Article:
by Craig Roth | June 4, 2010 | Comments Off on Update to Governance Guidance for Portals, SharePoint, and Intranets
I’m happy to announce that my “Website Governance: Guidance for Portals, SharePoint, and Intranets” has just been published. It’s an update to my Methodologies and Best Practices document on governance which is the most popular document that I’ve written for Burton Group (out of 17), even though only came out in March of 2009 and therefore has had less time to accumulate document views than others I’ve written.
I updated the document based on some new ideas and clarifications that have been needed since its original publication. The main updates to the doc since publication are as follows:
- My ITIL research and document began after initial publication and has given me a clearer view of the difference between Governance and Management and how to draw the line. I fond of clearing up governance confusion by pointing out all the important things that are not governance. My ITIL work follows the story of those important, non-governance things and where they should be addressed. The ITIL document (“ITIL for SharePoint: Defining SharePoint as a Service Using ITIL Service Strategy”) is already my #4 document and since it just came out after New Year’s I think it will catch up to my governance document quickly.
- I provide a better picture of the document hierarchy that shows how the statement of governance spawns other docs, and makes room for ITIL as a peer document to the statement of governance
- In November of last year, as the icicles of winter gripped the windows outside, Burton Group heated things up with an internal cross-domain discussion about governance. We developed a standard definition of governance that I’ve included that is more complete than the one I’ve used for my portal and SharePoint audience. Most SharePoint folks are coming from an ungoverned environment and the simplified “people, process, policy” approach I use is just enough to structure their efforts without being so complex as to be untenable given the authority they possess. So it will still be used for "website governance" as a subset of generic governance. And those who want a more complete approach now have a peer reviewed option from Burton Group to take them as far as they want to go with governance.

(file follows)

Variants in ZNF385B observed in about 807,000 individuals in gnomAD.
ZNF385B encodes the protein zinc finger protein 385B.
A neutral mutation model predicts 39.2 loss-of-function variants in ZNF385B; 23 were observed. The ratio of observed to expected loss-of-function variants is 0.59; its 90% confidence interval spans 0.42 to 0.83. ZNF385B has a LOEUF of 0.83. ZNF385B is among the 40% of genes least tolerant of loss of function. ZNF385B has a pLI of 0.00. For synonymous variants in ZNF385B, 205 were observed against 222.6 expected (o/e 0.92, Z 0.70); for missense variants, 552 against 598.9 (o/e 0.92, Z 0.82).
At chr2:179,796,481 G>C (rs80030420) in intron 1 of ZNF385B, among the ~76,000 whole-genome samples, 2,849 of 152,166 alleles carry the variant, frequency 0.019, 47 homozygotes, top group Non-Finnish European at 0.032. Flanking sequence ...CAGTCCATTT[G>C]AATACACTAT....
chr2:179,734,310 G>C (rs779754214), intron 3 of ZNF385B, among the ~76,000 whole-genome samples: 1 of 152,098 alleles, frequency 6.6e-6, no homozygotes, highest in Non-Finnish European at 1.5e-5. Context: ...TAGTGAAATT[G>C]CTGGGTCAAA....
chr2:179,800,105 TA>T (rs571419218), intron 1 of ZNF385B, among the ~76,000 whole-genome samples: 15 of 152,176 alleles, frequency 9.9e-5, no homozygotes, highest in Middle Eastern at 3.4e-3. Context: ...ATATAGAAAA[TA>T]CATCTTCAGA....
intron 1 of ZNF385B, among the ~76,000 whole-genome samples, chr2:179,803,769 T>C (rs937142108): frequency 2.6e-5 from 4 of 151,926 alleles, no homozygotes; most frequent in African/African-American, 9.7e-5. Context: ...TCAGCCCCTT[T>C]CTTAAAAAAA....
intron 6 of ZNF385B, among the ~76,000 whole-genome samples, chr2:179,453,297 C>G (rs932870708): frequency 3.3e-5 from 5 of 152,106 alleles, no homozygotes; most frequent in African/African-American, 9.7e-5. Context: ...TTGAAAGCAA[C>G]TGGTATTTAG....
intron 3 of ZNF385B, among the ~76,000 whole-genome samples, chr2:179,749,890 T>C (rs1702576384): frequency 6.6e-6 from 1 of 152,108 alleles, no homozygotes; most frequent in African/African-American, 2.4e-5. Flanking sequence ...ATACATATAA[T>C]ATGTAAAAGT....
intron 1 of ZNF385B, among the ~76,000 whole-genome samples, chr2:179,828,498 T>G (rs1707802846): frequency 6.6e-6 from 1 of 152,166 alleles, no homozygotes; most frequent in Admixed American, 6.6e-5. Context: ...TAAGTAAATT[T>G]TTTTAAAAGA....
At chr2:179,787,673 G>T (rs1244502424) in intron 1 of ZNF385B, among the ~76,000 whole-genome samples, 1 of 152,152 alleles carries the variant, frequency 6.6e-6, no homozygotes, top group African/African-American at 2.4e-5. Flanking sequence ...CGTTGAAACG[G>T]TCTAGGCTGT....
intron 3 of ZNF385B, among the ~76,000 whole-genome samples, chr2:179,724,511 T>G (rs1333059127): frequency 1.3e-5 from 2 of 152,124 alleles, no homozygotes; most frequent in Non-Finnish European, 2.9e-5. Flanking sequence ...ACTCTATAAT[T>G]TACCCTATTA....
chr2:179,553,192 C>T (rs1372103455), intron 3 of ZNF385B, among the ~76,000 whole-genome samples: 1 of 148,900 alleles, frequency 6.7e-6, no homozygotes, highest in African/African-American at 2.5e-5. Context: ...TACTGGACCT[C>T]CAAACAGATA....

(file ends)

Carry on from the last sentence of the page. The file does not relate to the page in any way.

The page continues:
- I’ve added wording about how governance is a process, not a document. I keep getting asked for a template with wording people can copy/paste from. But all the hard work is in the process – the interviewing, the hashing out of difficult political issues. If you just shortcut that to create the deliverable it’s probably worthless. The guidance document provides a skeleton to fill in and tells you how, but doesn’t give you the exact wording.
- I added an option in the “people” section to first define roles, then do assignments to those roles. That can come in handy depending on the organizational situation.
- I did some field work on SharePoint governance at the beginning of the year and developed a "cultural tenets" methodology that balances capturing all the specific cultural and political elements from the interviews, but doesn’t pre-empt the committees. I’ve described that methodology in the new document
There are many minor edits as well, but those are the major additions. I hope readers find it to be useful guidance and I welcome all your feedback.
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